3 Untold DIY Projects from 2015

2015 was a quiet year on the blog, but it wasn’t due to there being a lack of projects for us to get our hands on. I’m disappointed in myself that I didn’t write about them at the time (though some ended up on instagram so, partial credit?) but as they say… better late than never. Behold three never before seen Doodle House DIYs from 2015:

Chicken Proof Gardens

We love giving the chippies yard time outside of the coop because a happy chicken means better eggs and more of ’em. But as most gardeners know, they can wreck havoc on a garden if left unattended.

chickensdustbath

Chickens love a good dust bath—but why does it have to be in our veggie garden?

In our old place, we built small fence around our gardens to keep the critters out, but that effort was short lived since the chickens eventually mastered the art of fence jumping.

squarefootgarden

Crude chicken wire we set up to protect our garden

Ultimately we decided that each individual garden would need its own sturdy enclosure that protected the perimeter and the top from not only the chickens, but other garden vermin as well. This design was dreamed up by Heath, and was modeled after a few similar projects we hunted down on pinterest.

DIY Garden Box

Chicken Garden Box

Each box required nine 2″x 2″ x 8″ furring strip boards we picked up at Home Depot for about $2 each — bringing the total project cost to about $75. Not too bad for the peace of mind it also bought us knowing we could now have happy chicks AND a happy garden.

april2015veggiegardenapril2015backyard

(Partly) New Coffee Table

Heath and I have never bought a coffee table. We’ve always been able to get our hands on one for free — though this method is friendly on the wallet, it sometimes leaves us with the less-than-ideal version for our space. The first was an old hand-me-down cedar chest I acquired in college that was great for storage, but a little small for the room. And truth be told, she was a little rough around the edges from so much wear and tear over the years, and maybe a few too many drinking games.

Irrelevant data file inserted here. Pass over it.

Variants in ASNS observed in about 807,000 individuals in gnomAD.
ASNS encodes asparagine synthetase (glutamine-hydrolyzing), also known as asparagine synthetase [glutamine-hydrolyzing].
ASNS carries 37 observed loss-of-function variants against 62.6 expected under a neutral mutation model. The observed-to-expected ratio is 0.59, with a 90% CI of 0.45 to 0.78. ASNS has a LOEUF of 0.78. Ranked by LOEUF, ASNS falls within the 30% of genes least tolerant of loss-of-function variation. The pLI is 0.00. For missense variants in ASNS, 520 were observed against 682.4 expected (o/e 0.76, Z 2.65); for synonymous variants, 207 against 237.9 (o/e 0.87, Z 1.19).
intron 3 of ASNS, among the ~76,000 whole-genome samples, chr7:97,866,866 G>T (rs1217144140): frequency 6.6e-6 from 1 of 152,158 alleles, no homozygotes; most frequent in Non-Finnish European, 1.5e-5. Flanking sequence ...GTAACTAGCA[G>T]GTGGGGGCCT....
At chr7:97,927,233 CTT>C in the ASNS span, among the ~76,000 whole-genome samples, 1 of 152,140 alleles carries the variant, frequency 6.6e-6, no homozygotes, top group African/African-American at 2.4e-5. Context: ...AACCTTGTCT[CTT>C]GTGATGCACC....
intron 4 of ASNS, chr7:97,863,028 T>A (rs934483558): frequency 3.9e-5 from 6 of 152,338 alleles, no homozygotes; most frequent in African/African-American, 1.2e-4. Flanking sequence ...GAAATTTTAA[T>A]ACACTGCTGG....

Our first coffee table was an old cedar chest that was a little too small for the room.

Then we inherited a long and low tile top coffee table built by my grandfather. I loved the style, but it was really a little too long and didn’t give us many options for furniture layout. As I am constantly redesigning and reorganizing, this was a problem. Just call me Goldilocks.

modern ecelectic living room

So we opted to re-purpose the iron legs from the handmade coffee table and assembled a new, slightly shorter top out of cedar. Total cost of the redux? About $36. LOVE how it turned out. Can’t figure out why we didn’t try this sooner.coffeetableafterEclecticCoffeTable

Getting in touch with my artistic side

This year, spring in Austin was very rainy and very wet. Which meant the time I had planned to spend outdoors gardening, needed to be rethought. But rather than let a little water get me down, I let a little water color and acrylic paint lift me up and help keep my creative juices flowing. I’ve not taken any classes (painfully obvious) but I’ve been experimenting a lot — sometimes creating things from images I’ve seen, sometimes imagining things from nothing. I’m still very much a novice but it’s been really exciting to revisit an activity I loved as a child but until this year had not really been brave enough to explore as an adult.

A mix of some of my water colors, photography, graphic design and a few works by local artists.

A mix of some of my water colors, photography, graphic design and a few works by local artists.

acrylicartsunsets

blendedAmerica

turquoiseforest

Inspired by the view from the Wiener Riesenrad -- a ferris wheel in Vienna

Inspired by the view from the Wiener Riesenrad — a ferris wheel in Vienna

 

At least Wyatt seems into it?

At least Wyatt seems into it?

This hardly captures all of the untold adventures and lessons that 2015 had in store, but it’s a start, and a good reminder that a heart-felt DIY project, no matter how small, can still result in an abundance of joy.


Shifting landscapes

Traipsing across the parking lot of the Home Depot this afternoon, I was confronted with a harsh, and deeply unpleasant reality. As the vicious sun attacked my helpless pupils and a band of sweat hugged the back of my neck, there was no more denying the truth. Summer is coming.

Austin has been blessed this year with an uncharacteristically long spring season. A mild winter was followed by an outpour of restorative rains that resulted in a long and fruitful growing season, cool spring afternoons and many a porch beer.

The encroaching heat serves as a disappointing reminder that soon we will replace counting fire flies over IPAs with swatting mosquitoes over profanities. The end is nigh, but I am careful NOT to take for granted the swath of magical spring nights we were fortunate enough to enjoy before the season turned against us. Not just this year, but every year. The garden has seen some amazing transformation since we first made it ours some 4 years back.